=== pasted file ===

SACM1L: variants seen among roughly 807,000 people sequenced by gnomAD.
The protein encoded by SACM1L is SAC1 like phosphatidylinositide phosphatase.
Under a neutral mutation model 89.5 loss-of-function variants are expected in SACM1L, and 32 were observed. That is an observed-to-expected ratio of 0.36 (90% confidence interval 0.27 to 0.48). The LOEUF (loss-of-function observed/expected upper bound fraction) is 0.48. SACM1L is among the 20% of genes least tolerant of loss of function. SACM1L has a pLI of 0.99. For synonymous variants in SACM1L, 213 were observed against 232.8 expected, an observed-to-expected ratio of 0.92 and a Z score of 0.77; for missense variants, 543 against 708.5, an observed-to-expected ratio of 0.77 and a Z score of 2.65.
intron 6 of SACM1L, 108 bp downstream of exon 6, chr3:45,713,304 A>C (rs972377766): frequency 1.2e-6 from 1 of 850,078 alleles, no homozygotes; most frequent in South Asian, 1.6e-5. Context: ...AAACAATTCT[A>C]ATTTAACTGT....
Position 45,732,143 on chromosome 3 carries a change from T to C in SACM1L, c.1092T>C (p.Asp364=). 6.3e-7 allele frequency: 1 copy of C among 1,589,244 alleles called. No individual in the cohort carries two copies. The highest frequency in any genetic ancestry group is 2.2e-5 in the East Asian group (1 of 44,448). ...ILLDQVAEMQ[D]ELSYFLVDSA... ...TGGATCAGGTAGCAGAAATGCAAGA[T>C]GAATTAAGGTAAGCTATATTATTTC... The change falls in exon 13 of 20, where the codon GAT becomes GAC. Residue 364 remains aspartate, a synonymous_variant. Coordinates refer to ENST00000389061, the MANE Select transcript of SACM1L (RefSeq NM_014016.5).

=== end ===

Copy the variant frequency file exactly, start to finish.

SACM1L: variants seen among roughly 807,000 people sequenced by gnomAD.
The protein encoded by SACM1L is SAC1 like phosphatidylinositide phosphatase.
Under a neutral mutation model 89.5 loss-of-function variants are expected in SACM1L, and 32 were observed. That is an observed-to-expected ratio of 0.36 (90% confidence interval 0.27 to 0.48). The LOEUF (loss-of-function observed/expected upper bound fraction) is 0.48. SACM1L is among the 20% of genes least tolerant of loss of function. SACM1L has a pLI of 0.99. For synonymous variants in SACM1L, 213 were observed against 232.8 expected, an observed-to-expected ratio of 0.92 and a Z score of 0.77; for missense variants, 543 against 708.5, an observed-to-expected ratio of 0.77 and a Z score of 2.65.
intron 6 of SACM1L, 108 bp downstream of exon 6, chr3:45,713,304 A>C (rs972377766): frequency 1.2e-6 from 1 of 850,078 alleles, no homozygotes; most frequent in South Asian, 1.6e-5. Context: ...AAACAATTCT[A>C]ATTTAACTGT....
Position 45,732,143 on chromosome 3 carries a change from T to C in SACM1L, c.1092T>C (p.Asp364=). 6.3e-7 allele frequency: 1 copy of C among 1,589,244 alleles called. No individual in the cohort carries two copies. The highest frequency in any genetic ancestry group is 2.2e-5 in the East Asian group (1 of 44,448). ...ILLDQVAEMQ[D]ELSYFLVDSA... ...TGGATCAGGTAGCAGAAATGCAAGA[T>C]GAATTAAGGTAAGCTATATTATTTC... The change falls in exon 13 of 20, where the codon GAT becomes GAC. Residue 364 remains aspartate, a synonymous_variant. Coordinates refer to ENST00000389061, the MANE Select transcript of SACM1L (RefSeq NM_014016.5).